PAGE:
Upon further review of that well done and beautiful video It is interesting to note that in the first "main showpiece" clip explaining the "visualization of the airflow" at 50% slow mo. It seems to be that the RoD is high enough that the recovery takes place in the turbulent wake state , punching right through the vortex ringstate, he falls right through the donut centered on the tip path. The lama is getting clean air and able to reverse the flow with pure grunt, escaping a redeveloped vortex with lateral cyclic. It would be interesting to see the scene reshot slowing the initiated descent so that the pitch pull could tease the strength of the building vortex ring , just right, without falling through it. .....like we are ever going to see that clip. The rest of the clips show IVRS nicely.

Maybe it's just me , but with the charts depicting modern day disc loadings as making 500 - 1000 fpm vertical descents acceptable. I' m not sure they really factor in the rate of vertical deceleration and power application or the recovery profile, so as not to stir a dragon. At the extremes we have the V22 which according to its induced velocities should be immune to vortex ring in moderately aggressive conventional helicopter flight. Somehow I don't think they baby it around on short final because it's 'spensive.

Last edited by Washeduprotorgypsy; 12th Sep 2017 at 14:11. Reason: ...long day, hot sun
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Old 12th Sep 2017, 06:26
  #236 (permalink)  
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Isn't it more important to recognize the onset of settling and recovery immediately rather then allowing full blown vrs to develop?
Regardless of what recovery technique used?
Personally I would be using the normal forward cyclic way.
But recovering before if gets more interesting.
 
Old 12th Sep 2017, 07:09
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Correction

Had a quick look through videos from training the VT, and max ROD you can just make out on the panel is 2400ft/min.

But then I accept that all the high time guys here have the tacit understanding that I am a **** pilot in a **** helicopter and therefore don't much care what I have to say.
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Old 12th Sep 2017, 07:28
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Originally Posted by FlimsyFan
Had a quick look through videos from training the VT, and max ROD you can just make out on the panel is 2400ft/min.

But then I accept that all the high time guys here have the tacit understanding that I am a **** pilot in a **** helicopter and therefore don't much care what I have to say.
Hi mate, is there any chance you can post the video here or youtube?

Slack day at work here and we are looking Robinson VRS stuff up. The highest ROD I've seen so far is about 500fpm, although it is hard to see the dials sometimes. It would be interesting to see this at 2400fpm.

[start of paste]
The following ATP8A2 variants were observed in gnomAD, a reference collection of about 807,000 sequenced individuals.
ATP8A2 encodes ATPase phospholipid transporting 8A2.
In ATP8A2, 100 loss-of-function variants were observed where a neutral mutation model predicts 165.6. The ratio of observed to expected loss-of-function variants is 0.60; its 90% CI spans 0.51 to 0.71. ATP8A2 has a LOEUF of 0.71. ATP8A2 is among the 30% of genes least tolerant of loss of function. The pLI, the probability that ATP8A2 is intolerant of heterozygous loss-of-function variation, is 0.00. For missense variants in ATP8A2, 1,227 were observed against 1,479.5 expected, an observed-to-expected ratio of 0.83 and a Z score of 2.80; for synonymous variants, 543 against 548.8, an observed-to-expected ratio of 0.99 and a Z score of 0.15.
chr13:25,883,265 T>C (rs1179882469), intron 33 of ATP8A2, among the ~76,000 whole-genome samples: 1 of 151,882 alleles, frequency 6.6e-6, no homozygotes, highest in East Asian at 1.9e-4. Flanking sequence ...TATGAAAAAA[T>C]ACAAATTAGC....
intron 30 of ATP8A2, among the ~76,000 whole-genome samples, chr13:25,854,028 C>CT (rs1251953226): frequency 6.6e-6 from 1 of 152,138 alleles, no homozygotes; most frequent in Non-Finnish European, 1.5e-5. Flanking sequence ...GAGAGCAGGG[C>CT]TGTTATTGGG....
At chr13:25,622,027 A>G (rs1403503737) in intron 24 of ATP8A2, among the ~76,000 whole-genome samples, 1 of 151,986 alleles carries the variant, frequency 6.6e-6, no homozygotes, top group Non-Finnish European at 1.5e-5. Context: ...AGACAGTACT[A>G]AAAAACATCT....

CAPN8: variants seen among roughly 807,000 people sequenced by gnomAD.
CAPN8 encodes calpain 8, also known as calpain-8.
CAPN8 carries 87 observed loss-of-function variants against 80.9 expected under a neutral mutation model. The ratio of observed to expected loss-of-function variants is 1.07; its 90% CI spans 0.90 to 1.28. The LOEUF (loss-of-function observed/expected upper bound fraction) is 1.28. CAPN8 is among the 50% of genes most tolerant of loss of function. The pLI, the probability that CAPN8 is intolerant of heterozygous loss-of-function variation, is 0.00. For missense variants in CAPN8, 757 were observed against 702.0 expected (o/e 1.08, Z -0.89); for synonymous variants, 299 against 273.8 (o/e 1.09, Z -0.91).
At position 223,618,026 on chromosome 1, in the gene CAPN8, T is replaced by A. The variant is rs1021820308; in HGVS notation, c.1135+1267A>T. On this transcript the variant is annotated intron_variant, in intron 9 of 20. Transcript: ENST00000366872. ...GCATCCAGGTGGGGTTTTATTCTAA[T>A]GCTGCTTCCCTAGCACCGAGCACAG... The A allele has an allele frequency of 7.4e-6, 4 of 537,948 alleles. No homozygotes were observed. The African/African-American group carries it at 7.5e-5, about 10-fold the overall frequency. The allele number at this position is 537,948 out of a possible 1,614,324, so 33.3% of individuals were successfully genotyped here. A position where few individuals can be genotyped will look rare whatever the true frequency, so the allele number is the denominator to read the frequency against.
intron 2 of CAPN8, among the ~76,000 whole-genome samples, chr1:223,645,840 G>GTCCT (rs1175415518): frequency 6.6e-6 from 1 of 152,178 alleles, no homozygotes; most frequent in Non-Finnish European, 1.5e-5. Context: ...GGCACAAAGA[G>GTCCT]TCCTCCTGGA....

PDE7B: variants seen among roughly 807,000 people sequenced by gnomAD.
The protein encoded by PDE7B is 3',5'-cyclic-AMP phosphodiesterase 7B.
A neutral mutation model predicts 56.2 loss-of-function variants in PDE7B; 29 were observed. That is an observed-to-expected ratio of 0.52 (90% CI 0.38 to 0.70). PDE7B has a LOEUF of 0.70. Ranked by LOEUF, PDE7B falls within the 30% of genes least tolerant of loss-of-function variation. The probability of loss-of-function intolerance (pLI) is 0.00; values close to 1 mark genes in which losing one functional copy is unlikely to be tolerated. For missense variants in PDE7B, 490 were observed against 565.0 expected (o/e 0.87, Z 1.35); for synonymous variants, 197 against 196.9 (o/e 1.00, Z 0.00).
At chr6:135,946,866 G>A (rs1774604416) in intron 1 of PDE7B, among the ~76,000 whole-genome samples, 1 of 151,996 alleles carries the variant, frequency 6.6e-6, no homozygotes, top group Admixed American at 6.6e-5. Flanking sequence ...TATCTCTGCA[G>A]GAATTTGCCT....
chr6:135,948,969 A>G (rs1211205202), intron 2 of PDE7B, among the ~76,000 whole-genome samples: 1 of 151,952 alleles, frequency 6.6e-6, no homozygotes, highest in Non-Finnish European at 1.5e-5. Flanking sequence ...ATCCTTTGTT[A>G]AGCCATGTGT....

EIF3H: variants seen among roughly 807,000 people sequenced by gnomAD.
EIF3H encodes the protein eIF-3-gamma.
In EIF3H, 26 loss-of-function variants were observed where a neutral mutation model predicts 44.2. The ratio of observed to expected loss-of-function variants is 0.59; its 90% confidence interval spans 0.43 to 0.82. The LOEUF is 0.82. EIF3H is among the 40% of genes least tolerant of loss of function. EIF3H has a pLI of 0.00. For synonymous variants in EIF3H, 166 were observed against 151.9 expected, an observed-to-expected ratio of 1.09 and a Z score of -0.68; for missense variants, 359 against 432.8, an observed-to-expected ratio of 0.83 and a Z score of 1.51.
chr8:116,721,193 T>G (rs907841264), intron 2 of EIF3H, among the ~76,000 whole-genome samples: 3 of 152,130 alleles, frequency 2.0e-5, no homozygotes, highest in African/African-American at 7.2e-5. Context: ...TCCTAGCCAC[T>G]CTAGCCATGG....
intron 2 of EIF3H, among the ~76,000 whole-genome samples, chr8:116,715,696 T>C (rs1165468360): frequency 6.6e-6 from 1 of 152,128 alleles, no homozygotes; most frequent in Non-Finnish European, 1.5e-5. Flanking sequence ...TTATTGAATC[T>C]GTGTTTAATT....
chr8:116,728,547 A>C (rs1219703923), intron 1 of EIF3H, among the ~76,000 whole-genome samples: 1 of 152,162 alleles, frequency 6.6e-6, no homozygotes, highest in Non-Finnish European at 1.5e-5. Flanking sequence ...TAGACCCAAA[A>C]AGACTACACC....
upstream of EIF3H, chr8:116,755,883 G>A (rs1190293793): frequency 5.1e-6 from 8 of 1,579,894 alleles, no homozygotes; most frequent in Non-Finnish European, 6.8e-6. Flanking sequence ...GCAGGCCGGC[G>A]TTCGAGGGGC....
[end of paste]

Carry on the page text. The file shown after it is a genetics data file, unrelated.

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Old 12th Sep 2017, 09:24
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I have a suspicion that the demonstrations don't give a real world perspective - in the classic VRS scenario, you are already pulling a lot of power because you are either approaching or trying to establish an OGE hover.

The demonstrations seem to involve lowering the lever to initiate the descent, leaving you a fair surplus of power to recover.

Nick Lappos has always said that with a powerful enough helo, you can muscle your way out of VRS because you are able to overcome the massive increase in rotor drag.

So the difference between going from a low/medium power setting to max power (as prescribed by Vuichard) is going to be greater than going from almost max power to max power - this might help explain why these artificial setups seem to work well.

When we see a video of full blown VRS - with a high power setting to fully aggravate the situation - being recovered in tens of feet, then I might start to believe but not until then.

For those who have done the Robinson course, do they only show this in the R66 or do they do it in R22/44 as well? I only ask this because of the extra power available in the 66 over the 22/44.
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Old 12th Sep 2017, 10:20
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Hi Crab! Long time no speak...

What an interesting thread! M Vuichard, FWIW, is an examiner with the Swiss CAA, with a long history of long lining and mountain flying. Not directly defending his technique - I have insufficient data for that. However, I do think it is one of the more interesting concepts that I have seen in my limited flying career (1983 - 2011).

Like others on here, I have always had a healthy respect for VRS, and used to teach my students to listen for/feel the aircraft growling at you as a warning - as they all will on a poorly flown, low-speed, and steep approach.

I also recall seeing an explanation of the origins of the terms VRS and SWP, but cannot now locate it. IIRC it has the US Army calling it one thing, and the USN the other - and no agreement on a common way forward. Imagine! (Quickstop v fast stop springs readily to mind).

All I will say on Vuichard is to keep an open mind. Until we see quality data from an unimpeachable (and not-for-profit) source, shall we consider that he might - just might - be on to something?